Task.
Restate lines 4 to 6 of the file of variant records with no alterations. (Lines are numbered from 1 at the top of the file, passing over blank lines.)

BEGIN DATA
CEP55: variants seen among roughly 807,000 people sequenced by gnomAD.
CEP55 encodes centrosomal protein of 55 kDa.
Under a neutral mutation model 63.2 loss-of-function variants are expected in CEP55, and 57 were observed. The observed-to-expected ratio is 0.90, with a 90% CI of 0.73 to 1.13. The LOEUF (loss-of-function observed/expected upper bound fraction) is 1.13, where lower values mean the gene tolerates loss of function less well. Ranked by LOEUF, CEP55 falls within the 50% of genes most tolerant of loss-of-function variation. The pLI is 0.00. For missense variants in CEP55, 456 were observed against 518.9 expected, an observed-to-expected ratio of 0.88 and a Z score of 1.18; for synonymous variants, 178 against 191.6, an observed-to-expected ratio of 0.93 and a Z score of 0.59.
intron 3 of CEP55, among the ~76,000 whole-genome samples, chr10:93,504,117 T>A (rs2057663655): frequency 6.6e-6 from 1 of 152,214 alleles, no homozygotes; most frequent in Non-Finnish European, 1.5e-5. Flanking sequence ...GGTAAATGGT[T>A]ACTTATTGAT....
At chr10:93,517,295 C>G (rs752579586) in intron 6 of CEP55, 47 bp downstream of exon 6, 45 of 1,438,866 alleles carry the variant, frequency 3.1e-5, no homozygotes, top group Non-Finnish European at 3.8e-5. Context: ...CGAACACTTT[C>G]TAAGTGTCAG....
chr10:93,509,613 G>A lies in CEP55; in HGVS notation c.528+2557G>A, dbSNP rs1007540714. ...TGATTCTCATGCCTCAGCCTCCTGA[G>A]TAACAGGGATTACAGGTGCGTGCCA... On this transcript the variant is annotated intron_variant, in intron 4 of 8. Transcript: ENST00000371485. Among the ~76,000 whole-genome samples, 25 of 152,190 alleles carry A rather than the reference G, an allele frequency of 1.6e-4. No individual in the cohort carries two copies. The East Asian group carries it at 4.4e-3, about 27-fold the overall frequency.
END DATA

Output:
intron 3 of CEP55, among the ~76,000 whole-genome samples, chr10:93,504,117 T>A (rs2057663655): frequency 6.6e-6 from 1 of 152,214 alleles, no homozygotes; most frequent in Non-Finnish European, 1.5e-5. Flanking sequence ...GGTAAATGGT[T>A]ACTTATTGAT....
At chr10:93,517,295 C>G (rs752579586) in intron 6 of CEP55, 47 bp downstream of exon 6, 45 of 1,438,866 alleles carry the variant, frequency 3.1e-5, no homozygotes, top group Non-Finnish European at 3.8e-5. Context: ...CGAACACTTT[C>G]TAAGTGTCAG....
chr10:93,509,613 G>A lies in CEP55; in HGVS notation c.528+2557G>A, dbSNP rs1007540714. ...TGATTCTCATGCCTCAGCCTCCTGA[G>A]TAACAGGGATTACAGGTGCGTGCCA... On this transcript the variant is annotated intron_variant, in intron 4 of 8. Transcript: ENST00000371485. Among the ~76,000 whole-genome samples, 25 of 152,190 alleles carry A rather than the reference G, an allele frequency of 1.6e-4. No individual in the cohort carries two copies. The East Asian group carries it at 4.4e-3, about 27-fold the overall frequency.